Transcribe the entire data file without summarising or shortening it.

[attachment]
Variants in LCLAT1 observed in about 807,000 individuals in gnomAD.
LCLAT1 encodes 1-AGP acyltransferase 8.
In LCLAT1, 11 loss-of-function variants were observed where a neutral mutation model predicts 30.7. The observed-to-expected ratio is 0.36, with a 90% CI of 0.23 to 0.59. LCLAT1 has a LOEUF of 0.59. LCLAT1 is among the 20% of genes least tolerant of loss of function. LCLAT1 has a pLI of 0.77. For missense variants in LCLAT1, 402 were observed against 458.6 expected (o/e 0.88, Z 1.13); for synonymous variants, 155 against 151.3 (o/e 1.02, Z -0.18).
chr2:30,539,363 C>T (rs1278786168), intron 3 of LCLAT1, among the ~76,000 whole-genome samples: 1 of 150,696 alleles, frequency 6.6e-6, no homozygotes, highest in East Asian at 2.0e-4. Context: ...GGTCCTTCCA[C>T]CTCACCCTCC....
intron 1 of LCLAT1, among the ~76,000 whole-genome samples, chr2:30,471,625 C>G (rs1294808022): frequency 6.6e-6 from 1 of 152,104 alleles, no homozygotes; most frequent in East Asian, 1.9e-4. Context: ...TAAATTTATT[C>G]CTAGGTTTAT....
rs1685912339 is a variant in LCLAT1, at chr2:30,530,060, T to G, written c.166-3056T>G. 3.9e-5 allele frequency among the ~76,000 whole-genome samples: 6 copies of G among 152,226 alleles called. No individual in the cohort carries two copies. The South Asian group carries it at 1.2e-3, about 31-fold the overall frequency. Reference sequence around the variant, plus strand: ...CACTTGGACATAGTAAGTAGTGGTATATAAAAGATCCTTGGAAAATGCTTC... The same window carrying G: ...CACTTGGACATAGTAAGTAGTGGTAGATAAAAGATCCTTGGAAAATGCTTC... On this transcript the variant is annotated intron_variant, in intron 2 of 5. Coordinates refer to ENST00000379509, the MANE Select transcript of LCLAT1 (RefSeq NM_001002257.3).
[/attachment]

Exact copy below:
Variants in LCLAT1 observed in about 807,000 individuals in gnomAD.
LCLAT1 encodes 1-AGP acyltransferase 8.
In LCLAT1, 11 loss-of-function variants were observed where a neutral mutation model predicts 30.7. The observed-to-expected ratio is 0.36, with a 90% CI of 0.23 to 0.59. LCLAT1 has a LOEUF of 0.59. LCLAT1 is among the 20% of genes least tolerant of loss of function. LCLAT1 has a pLI of 0.77. For missense variants in LCLAT1, 402 were observed against 458.6 expected (o/e 0.88, Z 1.13); for synonymous variants, 155 against 151.3 (o/e 1.02, Z -0.18).
chr2:30,539,363 C>T (rs1278786168), intron 3 of LCLAT1, among the ~76,000 whole-genome samples: 1 of 150,696 alleles, frequency 6.6e-6, no homozygotes, highest in East Asian at 2.0e-4. Context: ...GGTCCTTCCA[C>T]CTCACCCTCC....
intron 1 of LCLAT1, among the ~76,000 whole-genome samples, chr2:30,471,625 C>G (rs1294808022): frequency 6.6e-6 from 1 of 152,104 alleles, no homozygotes; most frequent in East Asian, 1.9e-4. Context: ...TAAATTTATT[C>G]CTAGGTTTAT....
rs1685912339 is a variant in LCLAT1, at chr2:30,530,060, T to G, written c.166-3056T>G. 3.9e-5 allele frequency among the ~76,000 whole-genome samples: 6 copies of G among 152,226 alleles called. No individual in the cohort carries two copies. The South Asian group carries it at 1.2e-3, about 31-fold the overall frequency. Reference sequence around the variant, plus strand: ...CACTTGGACATAGTAAGTAGTGGTATATAAAAGATCCTTGGAAAATGCTTC... The same window carrying G: ...CACTTGGACATAGTAAGTAGTGGTAGATAAAAGATCCTTGGAAAATGCTTC... On this transcript the variant is annotated intron_variant, in intron 2 of 5. Coordinates refer to ENST00000379509, the MANE Select transcript of LCLAT1 (RefSeq NM_001002257.3).